Changes Sought To Massachusetts Wiretap Law
The state’s top law enforcement official, Massachusetts Attorney General Martha Coakley says when it comes to communications technology criminals have the upper hand because the state’s current wiretap law has not been upgraded since 1968.
Coakley was joined Monday by a coalition of state legislators, law enforcement officers and local officials who spoke to reporters about a bill filed in the legislature to change the wiretap law. It would make clear the law applies to cellphones and other communication devices. It would remove a requirement that targets of a wiretap must be members of organized crime.
Police would still need a warrant from a judge to wiretap a suspect, but the length of the wiretap would increase from 15 days to 30 days, which is the same period allowed for in federal law.
Coakley has tried for several years to get the legislature to update the wiretap law. She said this time there is momentum as part of the effort to combat gun violence.
Defense lawyers have been critical of efforts to change the state’s wiretap law claiming it could result in abuses by the police. State Representative Eugene O’Flaherty, who chairs the House Judiciary Committee says the wiretap law has to strike a balance between the rights of privacy and the need for public safety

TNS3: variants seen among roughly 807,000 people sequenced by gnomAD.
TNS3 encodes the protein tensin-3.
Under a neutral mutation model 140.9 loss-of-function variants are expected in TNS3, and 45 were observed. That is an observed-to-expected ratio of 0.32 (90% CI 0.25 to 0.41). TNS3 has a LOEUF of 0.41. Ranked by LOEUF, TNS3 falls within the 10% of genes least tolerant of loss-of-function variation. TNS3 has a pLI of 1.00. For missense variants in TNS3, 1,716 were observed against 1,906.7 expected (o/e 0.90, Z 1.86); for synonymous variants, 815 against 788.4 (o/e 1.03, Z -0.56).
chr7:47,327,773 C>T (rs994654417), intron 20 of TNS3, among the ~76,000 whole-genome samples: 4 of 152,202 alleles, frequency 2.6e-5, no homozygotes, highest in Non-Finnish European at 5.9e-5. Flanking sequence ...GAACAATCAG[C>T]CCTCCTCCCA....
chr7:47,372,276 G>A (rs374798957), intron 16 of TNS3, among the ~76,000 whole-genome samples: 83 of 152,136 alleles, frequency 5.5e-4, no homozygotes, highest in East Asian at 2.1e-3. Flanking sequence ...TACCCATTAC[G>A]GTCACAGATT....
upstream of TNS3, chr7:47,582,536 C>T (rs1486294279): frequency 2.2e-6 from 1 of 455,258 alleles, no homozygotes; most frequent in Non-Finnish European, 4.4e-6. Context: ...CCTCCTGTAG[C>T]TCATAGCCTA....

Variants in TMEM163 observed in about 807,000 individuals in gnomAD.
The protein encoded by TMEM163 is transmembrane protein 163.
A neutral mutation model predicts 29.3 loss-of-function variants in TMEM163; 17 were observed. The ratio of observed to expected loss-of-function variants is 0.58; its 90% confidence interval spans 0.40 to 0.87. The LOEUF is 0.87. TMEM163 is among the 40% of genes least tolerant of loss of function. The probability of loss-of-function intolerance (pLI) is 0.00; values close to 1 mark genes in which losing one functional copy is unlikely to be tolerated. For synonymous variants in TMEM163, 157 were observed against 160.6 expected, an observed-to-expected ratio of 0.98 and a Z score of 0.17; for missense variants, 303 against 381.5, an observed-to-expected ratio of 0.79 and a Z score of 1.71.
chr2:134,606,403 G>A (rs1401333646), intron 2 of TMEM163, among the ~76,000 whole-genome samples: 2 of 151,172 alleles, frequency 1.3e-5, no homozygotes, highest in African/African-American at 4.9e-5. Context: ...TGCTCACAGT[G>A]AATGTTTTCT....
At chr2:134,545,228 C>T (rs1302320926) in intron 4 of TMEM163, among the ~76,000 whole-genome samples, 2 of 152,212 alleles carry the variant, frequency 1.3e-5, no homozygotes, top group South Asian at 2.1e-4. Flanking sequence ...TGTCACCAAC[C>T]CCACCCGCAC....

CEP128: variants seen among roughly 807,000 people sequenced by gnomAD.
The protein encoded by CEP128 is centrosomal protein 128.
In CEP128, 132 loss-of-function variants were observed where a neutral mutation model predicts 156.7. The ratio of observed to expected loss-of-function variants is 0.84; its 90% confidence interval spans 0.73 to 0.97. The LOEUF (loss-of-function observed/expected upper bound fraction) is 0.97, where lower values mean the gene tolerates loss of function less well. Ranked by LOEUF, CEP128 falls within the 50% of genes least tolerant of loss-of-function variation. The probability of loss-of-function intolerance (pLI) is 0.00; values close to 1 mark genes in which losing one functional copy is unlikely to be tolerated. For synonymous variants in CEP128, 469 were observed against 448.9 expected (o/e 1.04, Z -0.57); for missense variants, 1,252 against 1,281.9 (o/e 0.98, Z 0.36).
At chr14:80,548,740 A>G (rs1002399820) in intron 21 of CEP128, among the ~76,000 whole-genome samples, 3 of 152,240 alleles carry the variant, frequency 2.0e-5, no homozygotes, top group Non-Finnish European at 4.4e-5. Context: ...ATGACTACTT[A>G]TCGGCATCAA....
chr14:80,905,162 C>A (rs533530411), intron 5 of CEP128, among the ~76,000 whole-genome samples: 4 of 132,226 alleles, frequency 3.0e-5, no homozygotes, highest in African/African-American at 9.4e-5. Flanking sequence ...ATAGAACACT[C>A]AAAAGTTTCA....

The proposed change in the wiretap law has the backing of several municipal officials, including the Boston Mayor Thomas Menino. Boston Police Deputy Superintendent Daniel Linskey said the law needs to be updated to reflect the changing nature of violent crime
Michael O’Keefe, the Cape and Islands’ District Attorney, said all of the Massachusetts DA’s endorse the wiretape bill. And, he noted that two justices of the state’s highest court had , in 2011, urged legislators to change the law.
The Massachusetts Supreme Judicial Court ruled a recording of a confession to a drive-by shooting was not admissible as evidence because the target of the wiretap was not connected with organized crime.